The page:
9 votes
Accepted

Why is exploitation necessary during training?

An algorithm that chooses to always explore during training is unlikely to find an optimal policy because it will be employing a more random search as opposed to a directed search. During training, ...
DeepQZero's user avatar
  • 1,357
7 votes
Accepted

Mathematically, what is happening differently in the neural net during exploration vs. exploitation?

Typically, the NN is trained the same way whether an action is chosen for exploration or exploitation. Look at the objective (AKA loss) function for any algorithm you're interested in and you'll ...
Lee Reeves's user avatar
5 votes

Why is exploitation necessary during training?

Exploitation is important during training to help the network encounter and learn to handle situations that don't occur until the network has successfully navigated other situations. For example, ...
Lee Reeves's user avatar
5 votes
Accepted

In Q-learning, wouldn't it be better to simply iterate through all possible states?

If your algorithm is executed multiple (or enough) times using an outer loop, it would converge to similar results as Q-learning would with $\gamma = 0$ (as you don't look what is the expected future ...
kirua's user avatar
  • 424
5 votes
Accepted

What is the meaning of "exploration" in reinforcement and supervised learning?

In reinforcement learning, exploration has a specific meaning, which is in contrast with the meaning of exploitation, hence the so-called exploration-exploitation dilemma (or trade-off). You explore ...
nbro's user avatar
  • 40.2k
4 votes
Accepted

What is the purpose of the actor in actor-critic algorithms?

For discrete action spaces, what is the purpose of the actor in Actor-Critic algorithms? In brief, it is the policy function $\pi(a|s)$. The critic (a state action function $v_{\pi}(s)$) is not used ...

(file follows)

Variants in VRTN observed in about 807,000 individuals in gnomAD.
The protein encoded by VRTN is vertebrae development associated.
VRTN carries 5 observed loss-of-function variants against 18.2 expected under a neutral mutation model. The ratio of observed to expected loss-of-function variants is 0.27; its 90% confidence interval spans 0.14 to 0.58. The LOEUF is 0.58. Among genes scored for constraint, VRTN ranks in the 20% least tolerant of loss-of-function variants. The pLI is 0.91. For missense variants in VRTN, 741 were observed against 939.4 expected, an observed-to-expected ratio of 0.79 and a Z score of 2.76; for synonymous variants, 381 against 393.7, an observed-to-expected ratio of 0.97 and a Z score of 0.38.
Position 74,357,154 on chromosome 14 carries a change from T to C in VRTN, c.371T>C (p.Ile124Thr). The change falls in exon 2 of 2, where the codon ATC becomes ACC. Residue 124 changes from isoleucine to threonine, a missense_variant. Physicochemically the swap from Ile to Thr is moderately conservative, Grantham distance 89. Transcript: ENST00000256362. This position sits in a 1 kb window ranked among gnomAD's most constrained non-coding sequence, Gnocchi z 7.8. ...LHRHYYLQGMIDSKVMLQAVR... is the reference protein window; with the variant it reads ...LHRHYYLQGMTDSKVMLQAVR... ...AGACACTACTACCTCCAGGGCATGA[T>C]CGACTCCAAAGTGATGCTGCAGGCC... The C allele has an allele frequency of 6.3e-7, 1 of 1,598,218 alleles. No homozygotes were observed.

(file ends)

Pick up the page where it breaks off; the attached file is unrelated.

Neil Slater's user avatar
  • 31.7k
3 votes
Accepted

Why is 100% exploration bad during the learning stage in reinforcement learning?

Why can’t we during the first 1000 episodes allow our agent perform only exploration You can do this. It is fine to do so either to learn the value function of a simple random policy, or when ...
Neil Slater's user avatar
  • 31.7k
3 votes
Accepted

Which policy has to be followed by a player while construction of its own Q-table?

I'll assume Q-player is being trained with Q learning (note, Q tables can be useful in other algorithms too, like SARSA). Q learning is an off policy algorithm, meaning that the Q values can be ...
harwiltz's user avatar
  • 1,126
3 votes
Accepted

Does eligibility traces and epsilon-greedy do the same task in different ways?

Epsilon-greedy is one method of making an agent explore the state space to ensure that the agent doesn't settle on a sub-optimal policy. By taking random actions, even with a small probability, the ...
Jaden Travnik's user avatar
2 votes

Should I use exploration strategy in Policy Gradient algorithms?

Neil Slater's answer is very nice, but I have a couple more suggestions: You can use entropy regularization. Basically, you modify your loss function to penalize low policy entropy (so less loss for ...
harwiltz's user avatar